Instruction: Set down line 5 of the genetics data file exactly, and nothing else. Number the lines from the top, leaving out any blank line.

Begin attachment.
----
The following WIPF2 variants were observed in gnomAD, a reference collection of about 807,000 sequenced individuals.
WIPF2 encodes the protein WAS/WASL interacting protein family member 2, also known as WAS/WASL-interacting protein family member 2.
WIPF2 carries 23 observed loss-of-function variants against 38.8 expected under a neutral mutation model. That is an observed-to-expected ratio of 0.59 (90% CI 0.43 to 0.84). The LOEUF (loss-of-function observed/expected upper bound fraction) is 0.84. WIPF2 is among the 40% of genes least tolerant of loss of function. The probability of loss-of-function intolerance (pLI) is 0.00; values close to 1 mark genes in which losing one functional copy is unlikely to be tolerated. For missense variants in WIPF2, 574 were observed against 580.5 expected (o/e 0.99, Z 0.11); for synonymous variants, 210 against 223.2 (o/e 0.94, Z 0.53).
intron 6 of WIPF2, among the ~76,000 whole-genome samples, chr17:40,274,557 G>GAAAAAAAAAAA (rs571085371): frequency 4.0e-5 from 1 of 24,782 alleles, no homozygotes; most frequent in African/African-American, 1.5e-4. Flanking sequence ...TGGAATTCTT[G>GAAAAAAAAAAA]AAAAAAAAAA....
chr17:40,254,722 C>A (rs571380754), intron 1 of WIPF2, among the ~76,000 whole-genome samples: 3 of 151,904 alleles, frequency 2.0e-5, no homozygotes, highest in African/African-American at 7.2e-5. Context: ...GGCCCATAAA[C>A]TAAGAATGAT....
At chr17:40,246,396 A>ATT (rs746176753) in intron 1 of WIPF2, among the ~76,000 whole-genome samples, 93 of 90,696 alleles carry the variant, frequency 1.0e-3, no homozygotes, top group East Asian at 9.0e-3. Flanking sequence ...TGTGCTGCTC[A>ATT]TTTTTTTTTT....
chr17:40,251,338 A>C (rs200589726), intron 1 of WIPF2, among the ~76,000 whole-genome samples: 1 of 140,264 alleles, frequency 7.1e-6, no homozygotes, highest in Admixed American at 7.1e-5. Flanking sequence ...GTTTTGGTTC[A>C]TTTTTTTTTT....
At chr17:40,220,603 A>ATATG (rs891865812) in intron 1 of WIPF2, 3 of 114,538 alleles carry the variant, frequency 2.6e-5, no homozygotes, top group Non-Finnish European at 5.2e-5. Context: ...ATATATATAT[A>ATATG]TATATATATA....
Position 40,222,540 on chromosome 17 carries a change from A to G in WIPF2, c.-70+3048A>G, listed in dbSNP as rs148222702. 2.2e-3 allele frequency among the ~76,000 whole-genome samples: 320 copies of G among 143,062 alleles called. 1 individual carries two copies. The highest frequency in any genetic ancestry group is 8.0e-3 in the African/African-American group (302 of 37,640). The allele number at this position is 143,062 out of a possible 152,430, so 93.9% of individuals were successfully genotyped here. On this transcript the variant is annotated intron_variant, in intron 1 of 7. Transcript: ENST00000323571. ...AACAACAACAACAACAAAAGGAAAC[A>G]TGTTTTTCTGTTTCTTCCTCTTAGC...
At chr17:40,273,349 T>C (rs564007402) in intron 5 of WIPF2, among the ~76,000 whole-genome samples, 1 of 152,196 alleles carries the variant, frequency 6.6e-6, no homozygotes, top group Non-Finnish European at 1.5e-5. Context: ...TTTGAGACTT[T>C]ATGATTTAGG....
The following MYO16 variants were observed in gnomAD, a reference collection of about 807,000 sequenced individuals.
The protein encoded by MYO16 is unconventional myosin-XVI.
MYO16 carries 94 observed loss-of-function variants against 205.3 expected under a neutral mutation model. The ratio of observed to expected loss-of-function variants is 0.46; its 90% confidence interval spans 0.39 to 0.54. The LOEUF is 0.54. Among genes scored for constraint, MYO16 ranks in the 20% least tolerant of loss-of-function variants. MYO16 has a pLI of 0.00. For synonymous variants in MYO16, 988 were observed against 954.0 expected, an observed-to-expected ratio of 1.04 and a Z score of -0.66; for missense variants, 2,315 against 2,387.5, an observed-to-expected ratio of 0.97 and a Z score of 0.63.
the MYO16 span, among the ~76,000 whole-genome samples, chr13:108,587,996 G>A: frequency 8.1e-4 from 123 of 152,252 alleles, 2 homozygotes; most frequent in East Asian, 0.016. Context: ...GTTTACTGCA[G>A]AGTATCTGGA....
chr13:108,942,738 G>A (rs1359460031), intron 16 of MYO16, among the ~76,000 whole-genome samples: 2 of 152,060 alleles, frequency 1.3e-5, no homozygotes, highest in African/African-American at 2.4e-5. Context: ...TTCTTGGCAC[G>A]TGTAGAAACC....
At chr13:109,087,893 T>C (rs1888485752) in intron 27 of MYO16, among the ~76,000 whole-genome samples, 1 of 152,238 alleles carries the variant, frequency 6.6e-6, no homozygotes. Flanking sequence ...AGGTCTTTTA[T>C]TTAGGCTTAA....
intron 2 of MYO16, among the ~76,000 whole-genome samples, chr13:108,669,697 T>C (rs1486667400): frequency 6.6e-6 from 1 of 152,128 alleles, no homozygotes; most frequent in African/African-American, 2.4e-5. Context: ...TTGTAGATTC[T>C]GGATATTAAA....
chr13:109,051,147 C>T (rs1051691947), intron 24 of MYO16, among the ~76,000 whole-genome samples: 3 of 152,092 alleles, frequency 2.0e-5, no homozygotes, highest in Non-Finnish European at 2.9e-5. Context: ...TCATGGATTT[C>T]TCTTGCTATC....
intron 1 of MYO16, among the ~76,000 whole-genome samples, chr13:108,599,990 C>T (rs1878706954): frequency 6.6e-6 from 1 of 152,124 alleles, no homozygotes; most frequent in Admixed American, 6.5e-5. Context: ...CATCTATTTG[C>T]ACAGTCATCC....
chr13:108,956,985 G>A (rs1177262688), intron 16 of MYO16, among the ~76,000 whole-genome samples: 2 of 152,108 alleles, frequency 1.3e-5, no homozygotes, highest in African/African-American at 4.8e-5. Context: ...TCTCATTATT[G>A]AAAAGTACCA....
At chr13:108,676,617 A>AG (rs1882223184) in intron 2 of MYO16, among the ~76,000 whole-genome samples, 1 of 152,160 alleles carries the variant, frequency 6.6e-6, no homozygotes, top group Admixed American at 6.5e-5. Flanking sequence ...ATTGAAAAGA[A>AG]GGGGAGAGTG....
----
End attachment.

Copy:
chr17:40,254,722 C>A (rs571380754), intron 1 of WIPF2, among the ~76,000 whole-genome samples: 3 of 151,904 alleles, frequency 2.0e-5, no homozygotes, highest in African/African-American at 7.2e-5. Context: ...GGCCCATAAA[C>A]TAAGAATGAT....